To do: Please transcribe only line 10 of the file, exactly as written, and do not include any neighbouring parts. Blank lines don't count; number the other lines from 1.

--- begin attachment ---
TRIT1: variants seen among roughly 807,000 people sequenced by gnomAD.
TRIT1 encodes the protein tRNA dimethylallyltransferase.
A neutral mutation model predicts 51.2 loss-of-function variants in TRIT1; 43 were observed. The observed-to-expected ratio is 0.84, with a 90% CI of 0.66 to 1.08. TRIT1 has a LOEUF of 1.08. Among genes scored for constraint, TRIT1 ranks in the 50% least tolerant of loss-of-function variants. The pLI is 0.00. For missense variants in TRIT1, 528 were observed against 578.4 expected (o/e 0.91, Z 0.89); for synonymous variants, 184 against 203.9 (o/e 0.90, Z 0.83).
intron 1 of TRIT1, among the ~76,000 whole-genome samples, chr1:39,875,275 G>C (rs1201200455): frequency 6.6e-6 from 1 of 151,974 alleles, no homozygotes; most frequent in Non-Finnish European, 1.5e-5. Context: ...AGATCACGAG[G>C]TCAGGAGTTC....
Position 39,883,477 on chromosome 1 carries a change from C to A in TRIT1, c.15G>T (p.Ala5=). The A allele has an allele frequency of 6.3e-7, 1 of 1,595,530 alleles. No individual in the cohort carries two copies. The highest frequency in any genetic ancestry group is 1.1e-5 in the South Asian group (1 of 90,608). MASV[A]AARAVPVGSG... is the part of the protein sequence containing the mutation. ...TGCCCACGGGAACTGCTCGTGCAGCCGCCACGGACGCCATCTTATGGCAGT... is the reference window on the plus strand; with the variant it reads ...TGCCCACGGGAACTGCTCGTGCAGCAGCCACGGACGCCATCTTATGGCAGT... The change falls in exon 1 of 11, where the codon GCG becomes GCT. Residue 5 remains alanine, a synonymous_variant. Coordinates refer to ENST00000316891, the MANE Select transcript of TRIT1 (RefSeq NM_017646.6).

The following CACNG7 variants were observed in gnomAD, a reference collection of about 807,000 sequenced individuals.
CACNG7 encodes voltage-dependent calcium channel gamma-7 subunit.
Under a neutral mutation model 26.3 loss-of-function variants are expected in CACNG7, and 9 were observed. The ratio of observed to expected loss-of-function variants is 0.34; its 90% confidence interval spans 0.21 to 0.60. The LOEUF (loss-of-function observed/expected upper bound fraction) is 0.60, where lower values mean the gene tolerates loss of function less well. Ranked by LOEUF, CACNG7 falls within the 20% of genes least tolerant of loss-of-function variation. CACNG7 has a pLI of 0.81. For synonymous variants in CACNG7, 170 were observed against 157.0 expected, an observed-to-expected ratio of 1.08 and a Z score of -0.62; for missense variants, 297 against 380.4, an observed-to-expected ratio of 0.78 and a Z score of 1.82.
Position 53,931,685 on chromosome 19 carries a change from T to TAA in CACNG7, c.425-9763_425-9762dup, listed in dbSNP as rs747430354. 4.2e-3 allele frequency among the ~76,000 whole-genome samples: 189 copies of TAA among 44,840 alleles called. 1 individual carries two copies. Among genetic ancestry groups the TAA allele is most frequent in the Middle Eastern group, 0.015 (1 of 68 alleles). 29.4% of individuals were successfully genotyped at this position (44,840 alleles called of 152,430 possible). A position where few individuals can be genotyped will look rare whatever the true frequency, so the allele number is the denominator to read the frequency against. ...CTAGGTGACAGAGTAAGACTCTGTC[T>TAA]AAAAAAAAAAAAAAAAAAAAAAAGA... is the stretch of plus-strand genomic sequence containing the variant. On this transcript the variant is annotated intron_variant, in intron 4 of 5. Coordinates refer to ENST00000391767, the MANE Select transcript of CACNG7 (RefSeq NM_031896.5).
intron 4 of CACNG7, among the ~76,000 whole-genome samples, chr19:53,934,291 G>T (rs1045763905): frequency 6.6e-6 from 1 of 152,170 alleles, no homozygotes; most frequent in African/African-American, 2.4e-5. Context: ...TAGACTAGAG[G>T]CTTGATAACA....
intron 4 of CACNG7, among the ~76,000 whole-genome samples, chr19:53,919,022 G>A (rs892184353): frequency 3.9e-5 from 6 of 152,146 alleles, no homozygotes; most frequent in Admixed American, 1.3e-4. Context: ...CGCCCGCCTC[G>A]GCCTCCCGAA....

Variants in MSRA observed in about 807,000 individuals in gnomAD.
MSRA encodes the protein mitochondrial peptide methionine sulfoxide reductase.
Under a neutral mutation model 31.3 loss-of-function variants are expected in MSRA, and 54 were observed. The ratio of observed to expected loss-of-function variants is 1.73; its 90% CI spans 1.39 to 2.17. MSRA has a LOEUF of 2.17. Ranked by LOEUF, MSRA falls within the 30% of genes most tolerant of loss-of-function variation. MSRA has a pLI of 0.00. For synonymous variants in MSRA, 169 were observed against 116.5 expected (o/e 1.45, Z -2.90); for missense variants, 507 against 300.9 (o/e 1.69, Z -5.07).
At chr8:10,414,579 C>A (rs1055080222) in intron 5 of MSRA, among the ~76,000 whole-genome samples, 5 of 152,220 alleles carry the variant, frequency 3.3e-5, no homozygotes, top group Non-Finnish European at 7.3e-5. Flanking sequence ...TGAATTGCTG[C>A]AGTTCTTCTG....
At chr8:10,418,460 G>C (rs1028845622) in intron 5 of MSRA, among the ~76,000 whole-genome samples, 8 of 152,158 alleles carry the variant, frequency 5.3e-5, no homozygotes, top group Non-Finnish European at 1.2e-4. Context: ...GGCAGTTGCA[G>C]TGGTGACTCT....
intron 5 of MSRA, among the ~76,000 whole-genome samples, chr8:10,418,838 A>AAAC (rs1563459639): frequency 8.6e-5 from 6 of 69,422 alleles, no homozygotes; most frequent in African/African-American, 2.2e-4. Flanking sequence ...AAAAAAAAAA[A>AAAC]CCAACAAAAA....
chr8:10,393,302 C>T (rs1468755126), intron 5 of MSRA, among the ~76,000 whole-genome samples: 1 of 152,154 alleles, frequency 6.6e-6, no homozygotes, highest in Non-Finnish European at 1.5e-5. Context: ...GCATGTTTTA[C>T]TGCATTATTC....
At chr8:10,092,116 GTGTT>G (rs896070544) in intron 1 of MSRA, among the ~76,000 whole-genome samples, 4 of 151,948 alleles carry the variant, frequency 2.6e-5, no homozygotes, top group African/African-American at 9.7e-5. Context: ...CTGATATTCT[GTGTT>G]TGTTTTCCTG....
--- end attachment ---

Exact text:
intron 4 of CACNG7, among the ~76,000 whole-genome samples, chr19:53,934,291 G>T (rs1045763905): frequency 6.6e-6 from 1 of 152,170 alleles, no homozygotes; most frequent in African/African-American, 2.4e-5. Context: ...TAGACTAGAG[G>T]CTTGATAACA....